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In her mission to investigate how the global marketplace can be enhanced to benefit women, Linda Scott, from the University of Oxford’s Saïd Business School, has recently discovered a sustainable model from an unlikely source: Avon, the global retailer of beauty and related products.

Focusing on black, female sales representatives in South Africa, the three-year study - led by Prof Scott and her colleague, Catherine Dolan - shows that within 16 months these women earn enough to cover a typical household’s expenditures, placing them in the top half of black females in their community and bringing them in line with the average remuneration of a black South African man.

“These women in Africa are entrepreneurs” says Prof Scott, who has developed a case study to use in MBA classrooms. “[And] the Avon system shows important ways in which women’s entrepreneurship can be supplemented to increase effectiveness and reduce risk.”

Rather than loaning money and charging interest the way most microfinance models do, Avon gives an inventory to its representatives. It then allows the women to increase the number of items on their inventory and also carries out credit assessments. If any of the women are struggling financially, the inventory is reduced.

“Avon focuses on training and recognises achievement; giving awards etc,” says Prof Scott. “It has a very articulate, pro-woman stance [which] in a developing world context is very important – it is a statement of belief for all these women in a society where they have not yet been valued.”

Indeed, the women working for Avon often have troubled backgrounds: rape, refugees, orphans. One woman, aged 18, was left supporting her five siblings following the death of her parents from HIV. She taught a computer literature class but because that did not provide her with sufficient income to support the family she started to sell Avon products to the class.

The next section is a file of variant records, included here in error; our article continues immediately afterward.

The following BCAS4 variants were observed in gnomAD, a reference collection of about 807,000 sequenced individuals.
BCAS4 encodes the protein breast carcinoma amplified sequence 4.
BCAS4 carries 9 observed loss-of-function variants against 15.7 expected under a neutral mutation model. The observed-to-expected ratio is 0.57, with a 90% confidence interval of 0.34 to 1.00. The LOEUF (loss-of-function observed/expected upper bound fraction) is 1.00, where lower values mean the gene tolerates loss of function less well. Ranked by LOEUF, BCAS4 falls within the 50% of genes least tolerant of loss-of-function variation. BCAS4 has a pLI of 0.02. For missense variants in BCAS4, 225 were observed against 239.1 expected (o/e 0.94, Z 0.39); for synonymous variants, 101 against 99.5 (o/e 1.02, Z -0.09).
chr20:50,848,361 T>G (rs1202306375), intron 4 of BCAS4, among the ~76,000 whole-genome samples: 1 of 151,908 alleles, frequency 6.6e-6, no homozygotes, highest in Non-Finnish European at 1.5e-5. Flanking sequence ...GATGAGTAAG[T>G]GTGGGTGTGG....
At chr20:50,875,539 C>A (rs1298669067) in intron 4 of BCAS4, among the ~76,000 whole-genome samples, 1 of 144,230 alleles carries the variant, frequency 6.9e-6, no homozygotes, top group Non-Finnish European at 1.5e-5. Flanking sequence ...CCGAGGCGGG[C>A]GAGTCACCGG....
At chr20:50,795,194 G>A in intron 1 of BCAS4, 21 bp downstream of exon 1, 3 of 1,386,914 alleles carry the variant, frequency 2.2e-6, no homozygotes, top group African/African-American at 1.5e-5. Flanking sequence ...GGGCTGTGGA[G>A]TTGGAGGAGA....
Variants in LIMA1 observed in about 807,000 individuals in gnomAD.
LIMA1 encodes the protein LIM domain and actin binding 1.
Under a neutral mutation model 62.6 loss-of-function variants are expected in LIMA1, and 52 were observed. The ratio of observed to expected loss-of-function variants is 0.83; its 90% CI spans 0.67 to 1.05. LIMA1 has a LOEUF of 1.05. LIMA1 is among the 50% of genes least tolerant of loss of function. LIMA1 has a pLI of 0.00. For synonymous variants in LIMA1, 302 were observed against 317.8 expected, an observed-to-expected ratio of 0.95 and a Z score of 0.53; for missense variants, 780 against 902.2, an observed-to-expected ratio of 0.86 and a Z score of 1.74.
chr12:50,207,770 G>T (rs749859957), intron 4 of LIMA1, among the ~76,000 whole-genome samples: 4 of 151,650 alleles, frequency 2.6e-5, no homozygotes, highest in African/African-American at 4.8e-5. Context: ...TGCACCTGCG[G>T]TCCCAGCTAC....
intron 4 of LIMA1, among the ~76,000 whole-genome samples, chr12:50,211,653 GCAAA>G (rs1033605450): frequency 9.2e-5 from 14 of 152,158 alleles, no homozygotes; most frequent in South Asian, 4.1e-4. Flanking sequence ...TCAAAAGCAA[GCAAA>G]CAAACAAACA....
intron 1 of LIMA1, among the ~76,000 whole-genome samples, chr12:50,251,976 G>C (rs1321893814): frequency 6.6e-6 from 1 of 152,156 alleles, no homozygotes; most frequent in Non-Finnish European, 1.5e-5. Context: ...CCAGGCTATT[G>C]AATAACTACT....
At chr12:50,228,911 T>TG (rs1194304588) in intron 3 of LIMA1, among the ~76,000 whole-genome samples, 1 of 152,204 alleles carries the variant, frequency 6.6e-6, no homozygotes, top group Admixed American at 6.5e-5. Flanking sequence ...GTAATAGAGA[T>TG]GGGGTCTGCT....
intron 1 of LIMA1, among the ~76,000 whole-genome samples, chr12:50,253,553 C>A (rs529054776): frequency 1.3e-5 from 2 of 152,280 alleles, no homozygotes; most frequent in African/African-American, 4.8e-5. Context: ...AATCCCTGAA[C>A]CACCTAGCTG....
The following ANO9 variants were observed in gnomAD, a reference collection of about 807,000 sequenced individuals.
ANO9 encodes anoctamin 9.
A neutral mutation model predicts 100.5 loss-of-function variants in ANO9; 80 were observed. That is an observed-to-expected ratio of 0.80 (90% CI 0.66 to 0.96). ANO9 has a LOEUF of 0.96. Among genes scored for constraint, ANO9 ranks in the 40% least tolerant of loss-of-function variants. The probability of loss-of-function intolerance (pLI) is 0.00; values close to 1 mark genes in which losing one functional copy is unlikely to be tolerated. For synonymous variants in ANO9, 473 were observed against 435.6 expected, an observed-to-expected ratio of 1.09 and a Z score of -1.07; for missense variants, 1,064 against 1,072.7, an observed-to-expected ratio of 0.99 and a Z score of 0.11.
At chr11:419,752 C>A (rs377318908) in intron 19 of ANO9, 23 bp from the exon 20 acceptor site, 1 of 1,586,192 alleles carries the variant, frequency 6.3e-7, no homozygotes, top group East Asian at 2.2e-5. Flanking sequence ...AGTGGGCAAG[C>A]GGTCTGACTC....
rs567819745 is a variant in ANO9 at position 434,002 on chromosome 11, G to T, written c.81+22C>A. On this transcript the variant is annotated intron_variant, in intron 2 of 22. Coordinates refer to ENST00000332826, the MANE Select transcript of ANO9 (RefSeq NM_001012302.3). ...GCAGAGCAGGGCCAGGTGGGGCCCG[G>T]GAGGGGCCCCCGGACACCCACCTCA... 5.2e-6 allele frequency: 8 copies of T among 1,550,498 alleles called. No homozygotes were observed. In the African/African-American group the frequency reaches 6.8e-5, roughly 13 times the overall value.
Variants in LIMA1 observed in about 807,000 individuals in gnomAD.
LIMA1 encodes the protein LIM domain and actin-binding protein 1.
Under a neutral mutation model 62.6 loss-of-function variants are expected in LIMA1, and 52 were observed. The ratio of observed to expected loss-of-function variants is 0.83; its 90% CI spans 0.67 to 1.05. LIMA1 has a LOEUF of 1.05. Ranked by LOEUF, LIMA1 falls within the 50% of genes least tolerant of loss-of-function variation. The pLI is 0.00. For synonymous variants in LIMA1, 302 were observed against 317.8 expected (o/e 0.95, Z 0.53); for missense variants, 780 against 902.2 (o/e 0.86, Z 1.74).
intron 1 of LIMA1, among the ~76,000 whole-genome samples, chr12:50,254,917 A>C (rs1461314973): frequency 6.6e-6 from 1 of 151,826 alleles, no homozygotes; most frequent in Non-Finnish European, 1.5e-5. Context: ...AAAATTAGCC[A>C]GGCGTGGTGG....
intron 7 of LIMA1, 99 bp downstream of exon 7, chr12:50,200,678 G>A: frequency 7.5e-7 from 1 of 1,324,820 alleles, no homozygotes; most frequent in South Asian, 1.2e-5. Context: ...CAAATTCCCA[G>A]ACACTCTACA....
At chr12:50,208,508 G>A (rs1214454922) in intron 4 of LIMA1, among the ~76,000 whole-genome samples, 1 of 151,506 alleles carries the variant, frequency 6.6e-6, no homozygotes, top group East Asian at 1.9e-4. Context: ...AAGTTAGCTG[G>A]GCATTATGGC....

This is the case for many. Of the 300 sales representatives surveyed, 75 per cent reported that Avon had helped them achieve financial autonomy and nearly 90 per cent said they now had the skills and confidence to apply for other employment. Overall, the majority felt a sense of support and empowerment. In a country where the incidence of violence against women is extremely high, this is all the more valuable, says Prof Scott.

Through her case study Prof Scott also aims to investigate the moral dilemma the model may raise about the nature of Avon’s product line. Though providing staple supplies such as soap and shampoo, it is primarily beauty based. Some would argue food and water are more important for developing countries, however Prof Scott considers this attitude profoundly dehumanising. “It condemns [people] to the status of livestock!” she says.

She describes one woman she met, living in an informal settlement, who would save up to buy Avon’s small packets of fragrance when they were on special offer: “They reminded her that she was a human being… I would not want to take that away from her, would you?”

This study is published in the journal Entrepreneurship Theory and Practice and is part of a research series called the “Double X Economy.”

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